FOSSIL FOOD WEBS: QUANTIFYING CHANGES IN MARINE ECOSYSTEMS DURING TIMES OF ESCALATING PREDATOR-PREY INTERACTIONS
To test whether observed escalatory trends in increasing predation intensity and changes in biodiversity during the Mesozoic correspond with changes in community structure and stability, community dynamics in marine communities from the Jurassic and Cretaceous are examined using Cascading Extinctions on Graphs (CEG), a mathematical model designed to explore the role of ancient food web structure and species interactions. Changes in community structure are measured as community stability after minor perturbation, and robustness, or resistance to the propagation of secondary extinctions in stochastically generated species level food web networks. Comparison of perturbation thresholds between communities are used to examine community robustness, with higher perturbation thresholds representing more robust communities. If higher diversity and increasing predation pressure result in structural changes in marine communities, then lower perturbation thresholds should be observed in Late Cretaceous communities relative to Early Jurassic communities. Differences in community dynamics during the Mesozoic are therefore reflected by differences in stability and robustness (model response to simulated perturbations).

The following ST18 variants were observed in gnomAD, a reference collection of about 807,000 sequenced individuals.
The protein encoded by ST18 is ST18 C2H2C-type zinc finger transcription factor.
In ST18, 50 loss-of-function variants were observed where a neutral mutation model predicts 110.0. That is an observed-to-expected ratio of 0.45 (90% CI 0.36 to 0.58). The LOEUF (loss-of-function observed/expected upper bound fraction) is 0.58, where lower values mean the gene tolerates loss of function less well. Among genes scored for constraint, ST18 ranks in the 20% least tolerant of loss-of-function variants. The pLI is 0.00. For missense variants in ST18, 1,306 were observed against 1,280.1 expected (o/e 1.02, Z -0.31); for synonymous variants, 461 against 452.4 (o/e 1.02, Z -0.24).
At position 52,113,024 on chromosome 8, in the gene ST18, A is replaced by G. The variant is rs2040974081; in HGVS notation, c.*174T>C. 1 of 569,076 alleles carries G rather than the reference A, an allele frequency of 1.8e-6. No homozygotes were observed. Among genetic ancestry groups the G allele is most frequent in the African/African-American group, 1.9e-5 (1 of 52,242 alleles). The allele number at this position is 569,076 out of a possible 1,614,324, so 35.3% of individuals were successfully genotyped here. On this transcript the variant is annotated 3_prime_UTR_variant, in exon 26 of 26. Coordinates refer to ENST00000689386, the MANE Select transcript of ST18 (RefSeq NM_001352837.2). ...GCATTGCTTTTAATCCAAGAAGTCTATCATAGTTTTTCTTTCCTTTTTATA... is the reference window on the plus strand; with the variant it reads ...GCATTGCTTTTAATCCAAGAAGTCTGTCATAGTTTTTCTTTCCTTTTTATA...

If lower perturbation thresholds are observed in CEG models generated from Late Cretaceous marine communities, relative to those from the Early Jurassic, this would suggest that trophic restructuring and increasing taxonomic diversity may also be partially responsible for the severity of the end-Cretaceous extinction in the marine realm. Increasing predation intensity may affect community structure, stability, and resilience, which would imply that biotic interactions scale up to larger temporal and geographic scales, and are an important cause of evolutionary change.